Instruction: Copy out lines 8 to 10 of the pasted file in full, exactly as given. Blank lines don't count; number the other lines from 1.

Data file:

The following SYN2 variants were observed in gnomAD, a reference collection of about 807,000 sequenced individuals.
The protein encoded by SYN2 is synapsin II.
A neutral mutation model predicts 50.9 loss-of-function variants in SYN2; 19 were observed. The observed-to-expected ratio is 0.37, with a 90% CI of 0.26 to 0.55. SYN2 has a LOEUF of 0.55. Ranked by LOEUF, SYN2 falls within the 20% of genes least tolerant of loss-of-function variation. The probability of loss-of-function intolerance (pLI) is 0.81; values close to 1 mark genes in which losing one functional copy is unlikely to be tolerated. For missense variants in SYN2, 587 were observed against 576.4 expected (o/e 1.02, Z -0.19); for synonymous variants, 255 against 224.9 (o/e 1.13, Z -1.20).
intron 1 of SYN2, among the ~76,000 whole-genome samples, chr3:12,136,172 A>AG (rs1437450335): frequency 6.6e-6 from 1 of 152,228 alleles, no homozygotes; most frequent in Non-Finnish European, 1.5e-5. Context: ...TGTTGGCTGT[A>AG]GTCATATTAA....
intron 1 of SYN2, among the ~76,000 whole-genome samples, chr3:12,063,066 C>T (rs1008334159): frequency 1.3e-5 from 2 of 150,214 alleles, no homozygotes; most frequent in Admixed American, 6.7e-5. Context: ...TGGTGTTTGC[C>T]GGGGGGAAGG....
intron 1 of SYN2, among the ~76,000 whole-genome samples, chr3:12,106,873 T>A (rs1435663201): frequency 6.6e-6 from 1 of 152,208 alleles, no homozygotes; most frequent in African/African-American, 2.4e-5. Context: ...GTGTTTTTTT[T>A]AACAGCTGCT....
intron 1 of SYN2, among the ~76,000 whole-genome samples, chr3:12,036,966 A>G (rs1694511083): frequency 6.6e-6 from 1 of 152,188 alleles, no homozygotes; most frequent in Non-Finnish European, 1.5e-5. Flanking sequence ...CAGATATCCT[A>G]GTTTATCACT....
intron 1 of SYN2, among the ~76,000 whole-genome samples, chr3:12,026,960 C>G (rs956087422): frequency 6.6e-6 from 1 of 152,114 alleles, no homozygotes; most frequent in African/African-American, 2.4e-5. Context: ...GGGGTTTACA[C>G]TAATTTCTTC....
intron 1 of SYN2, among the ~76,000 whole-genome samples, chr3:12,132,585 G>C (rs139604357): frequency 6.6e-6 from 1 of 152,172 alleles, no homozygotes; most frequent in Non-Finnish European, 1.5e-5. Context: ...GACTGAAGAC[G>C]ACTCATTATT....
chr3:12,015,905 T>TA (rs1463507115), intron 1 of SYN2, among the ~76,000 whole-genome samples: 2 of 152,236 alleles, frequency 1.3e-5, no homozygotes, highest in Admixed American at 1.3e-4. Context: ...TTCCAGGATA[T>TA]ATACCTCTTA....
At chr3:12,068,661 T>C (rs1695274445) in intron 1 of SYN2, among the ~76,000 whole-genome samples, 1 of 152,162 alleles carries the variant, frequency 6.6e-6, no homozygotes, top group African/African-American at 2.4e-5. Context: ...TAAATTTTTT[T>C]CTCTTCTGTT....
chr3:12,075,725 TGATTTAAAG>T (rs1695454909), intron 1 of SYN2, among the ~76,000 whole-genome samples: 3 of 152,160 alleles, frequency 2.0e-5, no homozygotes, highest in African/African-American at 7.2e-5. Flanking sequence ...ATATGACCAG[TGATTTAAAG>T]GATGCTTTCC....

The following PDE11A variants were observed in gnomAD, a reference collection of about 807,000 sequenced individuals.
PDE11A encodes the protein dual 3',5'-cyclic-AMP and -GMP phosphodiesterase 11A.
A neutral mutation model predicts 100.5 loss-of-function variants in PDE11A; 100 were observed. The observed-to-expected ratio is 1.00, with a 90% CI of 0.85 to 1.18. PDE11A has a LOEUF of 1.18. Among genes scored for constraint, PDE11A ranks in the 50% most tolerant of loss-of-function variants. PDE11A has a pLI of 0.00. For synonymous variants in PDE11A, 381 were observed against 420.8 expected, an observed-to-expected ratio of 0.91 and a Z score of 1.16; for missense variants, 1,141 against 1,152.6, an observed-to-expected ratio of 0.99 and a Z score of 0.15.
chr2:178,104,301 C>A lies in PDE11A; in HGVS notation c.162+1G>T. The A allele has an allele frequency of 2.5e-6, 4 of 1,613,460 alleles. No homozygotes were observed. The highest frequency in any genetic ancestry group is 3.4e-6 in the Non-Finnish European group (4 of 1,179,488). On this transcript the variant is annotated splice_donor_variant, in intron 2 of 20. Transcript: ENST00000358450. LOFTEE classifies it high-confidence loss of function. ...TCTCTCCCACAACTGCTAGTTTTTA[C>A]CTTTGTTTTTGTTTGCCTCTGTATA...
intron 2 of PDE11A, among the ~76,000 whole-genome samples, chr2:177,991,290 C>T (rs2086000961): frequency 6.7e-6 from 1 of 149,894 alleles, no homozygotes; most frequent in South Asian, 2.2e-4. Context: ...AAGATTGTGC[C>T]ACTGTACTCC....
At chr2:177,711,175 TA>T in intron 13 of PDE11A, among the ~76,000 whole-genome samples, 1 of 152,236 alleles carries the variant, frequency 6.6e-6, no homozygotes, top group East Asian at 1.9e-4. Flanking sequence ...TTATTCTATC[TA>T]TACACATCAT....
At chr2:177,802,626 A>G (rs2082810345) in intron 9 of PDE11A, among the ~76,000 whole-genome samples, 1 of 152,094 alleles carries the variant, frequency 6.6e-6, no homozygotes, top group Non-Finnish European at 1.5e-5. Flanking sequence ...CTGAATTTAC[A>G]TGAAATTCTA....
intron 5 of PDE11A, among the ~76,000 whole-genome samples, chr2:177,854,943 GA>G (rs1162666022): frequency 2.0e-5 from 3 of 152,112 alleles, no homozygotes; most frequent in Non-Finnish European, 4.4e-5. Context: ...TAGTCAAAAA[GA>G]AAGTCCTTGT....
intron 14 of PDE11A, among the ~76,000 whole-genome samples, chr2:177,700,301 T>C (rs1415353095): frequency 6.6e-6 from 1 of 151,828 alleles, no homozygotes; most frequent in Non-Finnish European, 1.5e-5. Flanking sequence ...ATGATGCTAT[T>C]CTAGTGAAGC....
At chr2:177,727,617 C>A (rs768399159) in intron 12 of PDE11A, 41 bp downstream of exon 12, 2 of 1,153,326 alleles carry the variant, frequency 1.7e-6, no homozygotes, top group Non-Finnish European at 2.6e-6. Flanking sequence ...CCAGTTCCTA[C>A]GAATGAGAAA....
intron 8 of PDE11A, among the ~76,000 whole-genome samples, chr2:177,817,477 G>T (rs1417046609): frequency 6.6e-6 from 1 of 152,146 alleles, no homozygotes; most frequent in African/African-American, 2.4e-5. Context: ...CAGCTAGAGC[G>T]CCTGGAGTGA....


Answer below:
intron 1 of SYN2, among the ~76,000 whole-genome samples, chr3:12,026,960 C>G (rs956087422): frequency 6.6e-6 from 1 of 152,114 alleles, no homozygotes; most frequent in African/African-American, 2.4e-5. Context: ...GGGGTTTACA[C>G]TAATTTCTTC....
intron 1 of SYN2, among the ~76,000 whole-genome samples, chr3:12,132,585 G>C (rs139604357): frequency 6.6e-6 from 1 of 152,172 alleles, no homozygotes; most frequent in Non-Finnish European, 1.5e-5. Context: ...GACTGAAGAC[G>C]ACTCATTATT....
chr3:12,015,905 T>TA (rs1463507115), intron 1 of SYN2, among the ~76,000 whole-genome samples: 2 of 152,236 alleles, frequency 1.3e-5, no homozygotes, highest in Admixed American at 1.3e-4. Context: ...TTCCAGGATA[T>TA]ATACCTCTTA....